Brodsworth Hall Gardens in the Frost

The restrictions on travel are, to say the least, inhibiting so it is a source of solace that we can visit Brodsworth Hall Gardens at weekends.

Brodsworth Hall, its jaw dropping topiary in evidence

We had the place to ourselves this morning as a hard frost crusted the ground.

The formal gardens

We have seen the gardens transformed over the years. For those who enjoy the closely cropped shape of nature tamed this is topiary heaven.

Looking down on the rockery and target lawn.

Mrs Renwick’s Sunnyside Garden, Grenada

Trips from cruise ships can be a formulaic exercise, fun but, well, formulaic. Our January 2020 visit to Jean Renwick’s garden on the fertile island of Grenada in the Southern Caribbean was certainly slickly organised as a convoy of minibuses sped up the hillside, avoiding those earlier minibuses speeding down. The drivers chatted together as we clambered out to be greeted by giant tortoises and Jean’s son, ‘Randy by name, randy by nature.’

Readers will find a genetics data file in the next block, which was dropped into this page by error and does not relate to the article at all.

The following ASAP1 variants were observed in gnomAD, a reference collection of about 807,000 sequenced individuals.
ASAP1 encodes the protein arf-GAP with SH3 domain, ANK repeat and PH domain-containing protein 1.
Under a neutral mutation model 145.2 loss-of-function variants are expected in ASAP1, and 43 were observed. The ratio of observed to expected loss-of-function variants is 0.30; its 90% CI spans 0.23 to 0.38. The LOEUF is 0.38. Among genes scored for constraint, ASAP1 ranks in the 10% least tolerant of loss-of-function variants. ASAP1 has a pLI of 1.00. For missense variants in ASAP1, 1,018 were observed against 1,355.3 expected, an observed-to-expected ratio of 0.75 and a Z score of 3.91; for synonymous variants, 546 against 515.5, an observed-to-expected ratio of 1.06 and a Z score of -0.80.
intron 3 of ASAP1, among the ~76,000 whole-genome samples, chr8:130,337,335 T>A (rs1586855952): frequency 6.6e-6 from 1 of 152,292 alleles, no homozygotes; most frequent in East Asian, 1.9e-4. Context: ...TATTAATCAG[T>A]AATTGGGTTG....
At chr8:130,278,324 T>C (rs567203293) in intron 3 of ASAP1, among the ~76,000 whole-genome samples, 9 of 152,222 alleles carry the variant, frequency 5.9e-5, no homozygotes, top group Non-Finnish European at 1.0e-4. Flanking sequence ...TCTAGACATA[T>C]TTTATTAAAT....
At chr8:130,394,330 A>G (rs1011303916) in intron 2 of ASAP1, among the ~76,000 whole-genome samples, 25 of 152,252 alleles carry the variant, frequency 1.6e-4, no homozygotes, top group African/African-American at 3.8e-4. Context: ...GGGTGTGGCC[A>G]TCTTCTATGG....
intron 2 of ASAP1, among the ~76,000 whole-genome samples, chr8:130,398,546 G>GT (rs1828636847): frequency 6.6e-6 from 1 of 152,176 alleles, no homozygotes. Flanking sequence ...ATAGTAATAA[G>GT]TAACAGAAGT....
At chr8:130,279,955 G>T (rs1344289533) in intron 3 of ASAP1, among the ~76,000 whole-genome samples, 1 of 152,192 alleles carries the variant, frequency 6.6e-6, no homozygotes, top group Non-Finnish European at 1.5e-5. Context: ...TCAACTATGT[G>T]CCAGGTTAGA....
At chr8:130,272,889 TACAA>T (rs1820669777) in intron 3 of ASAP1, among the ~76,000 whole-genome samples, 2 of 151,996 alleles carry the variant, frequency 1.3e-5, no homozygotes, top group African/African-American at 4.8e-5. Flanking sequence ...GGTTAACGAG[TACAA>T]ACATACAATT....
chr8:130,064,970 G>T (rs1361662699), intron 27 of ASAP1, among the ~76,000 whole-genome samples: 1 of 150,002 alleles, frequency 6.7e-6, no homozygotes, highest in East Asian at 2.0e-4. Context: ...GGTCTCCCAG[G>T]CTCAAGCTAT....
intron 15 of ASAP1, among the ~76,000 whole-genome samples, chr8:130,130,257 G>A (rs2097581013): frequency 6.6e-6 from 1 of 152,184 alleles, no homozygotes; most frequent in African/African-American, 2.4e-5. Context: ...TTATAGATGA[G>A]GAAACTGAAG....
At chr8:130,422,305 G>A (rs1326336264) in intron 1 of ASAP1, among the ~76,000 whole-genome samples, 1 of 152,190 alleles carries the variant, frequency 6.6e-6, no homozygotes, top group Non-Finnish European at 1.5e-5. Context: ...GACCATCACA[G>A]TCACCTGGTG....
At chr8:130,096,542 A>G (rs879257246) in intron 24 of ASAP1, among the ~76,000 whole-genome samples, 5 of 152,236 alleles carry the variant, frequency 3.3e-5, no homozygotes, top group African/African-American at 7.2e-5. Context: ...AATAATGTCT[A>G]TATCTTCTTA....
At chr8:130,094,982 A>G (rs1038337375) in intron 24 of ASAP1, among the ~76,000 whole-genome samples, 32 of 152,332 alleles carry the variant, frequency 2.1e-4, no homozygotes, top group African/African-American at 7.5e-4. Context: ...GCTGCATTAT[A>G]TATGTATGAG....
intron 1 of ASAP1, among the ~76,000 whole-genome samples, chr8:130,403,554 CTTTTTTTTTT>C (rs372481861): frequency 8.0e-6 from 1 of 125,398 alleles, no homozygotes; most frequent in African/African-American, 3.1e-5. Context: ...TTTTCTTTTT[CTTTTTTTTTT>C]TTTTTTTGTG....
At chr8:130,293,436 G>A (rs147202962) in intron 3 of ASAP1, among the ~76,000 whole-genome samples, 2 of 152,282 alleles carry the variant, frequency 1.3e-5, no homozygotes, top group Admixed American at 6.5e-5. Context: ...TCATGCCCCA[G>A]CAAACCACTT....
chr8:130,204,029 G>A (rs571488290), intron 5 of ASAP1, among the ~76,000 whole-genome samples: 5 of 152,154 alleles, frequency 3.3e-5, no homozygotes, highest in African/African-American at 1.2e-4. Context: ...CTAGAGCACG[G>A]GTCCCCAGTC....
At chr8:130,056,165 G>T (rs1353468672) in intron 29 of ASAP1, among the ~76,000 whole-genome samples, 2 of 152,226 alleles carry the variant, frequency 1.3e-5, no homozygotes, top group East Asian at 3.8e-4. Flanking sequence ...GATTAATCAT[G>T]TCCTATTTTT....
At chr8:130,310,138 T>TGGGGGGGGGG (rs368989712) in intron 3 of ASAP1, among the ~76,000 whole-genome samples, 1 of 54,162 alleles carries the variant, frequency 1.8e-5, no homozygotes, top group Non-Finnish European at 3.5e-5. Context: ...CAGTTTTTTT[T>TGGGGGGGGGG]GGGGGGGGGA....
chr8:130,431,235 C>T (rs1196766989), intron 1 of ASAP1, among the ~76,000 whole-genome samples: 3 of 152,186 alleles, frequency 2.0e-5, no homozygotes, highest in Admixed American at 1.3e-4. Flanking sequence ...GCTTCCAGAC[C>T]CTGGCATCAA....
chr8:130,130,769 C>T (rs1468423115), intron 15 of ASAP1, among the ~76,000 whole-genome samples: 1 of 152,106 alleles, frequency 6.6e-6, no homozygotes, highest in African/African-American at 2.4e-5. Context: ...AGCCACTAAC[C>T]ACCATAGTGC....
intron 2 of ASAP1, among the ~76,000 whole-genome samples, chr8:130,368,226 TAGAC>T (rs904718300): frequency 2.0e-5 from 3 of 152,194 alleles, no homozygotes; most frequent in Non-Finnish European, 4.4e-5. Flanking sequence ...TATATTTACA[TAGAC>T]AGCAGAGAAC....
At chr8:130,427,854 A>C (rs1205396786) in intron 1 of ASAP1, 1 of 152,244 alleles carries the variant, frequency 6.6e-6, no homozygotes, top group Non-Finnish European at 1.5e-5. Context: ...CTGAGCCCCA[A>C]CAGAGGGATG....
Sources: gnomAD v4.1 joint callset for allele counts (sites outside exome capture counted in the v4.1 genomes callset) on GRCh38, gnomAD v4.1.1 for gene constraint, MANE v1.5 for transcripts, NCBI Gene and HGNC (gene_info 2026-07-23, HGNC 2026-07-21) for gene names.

Arriving at Sunnyside Garden, Jean Renwick looking down from her balcony.
Randy from his Facebook page.
Entertainment for the visitors on arrival.
Randy Renwick greets visitors with a lively history of the garden. His hand might just be discerned if you follow the eyes.

The garden was first landscaped in the early 1990s and wrecked by a hurricane in 2004. The reliable rainfall, summer temperatures and rich volcanic soil are the aces in the pack. Everything grows profusely so initial planting and subsequent recovery were easier than in a less agreeable climate. But Mrs Renwick had the perfect eye and determination. She told us how in the early days she had smuggled, er imported, plants and seeds to the island. The result is a lush paradise.

The garden tour is well organised.
Lush plants and a backdrop to die for.
The local branch of the RHS meets on the formal lawn or the cooler veranda.
Fish also love to devour insects.

Our guide explained the medicinal qualities of the plants; annato or lipstick plant, the seeds used to rouge the lips of little girls and, as we discovered for ourselves, visitors; and citrus fruits, palm trees and a myriad plants we can dream of.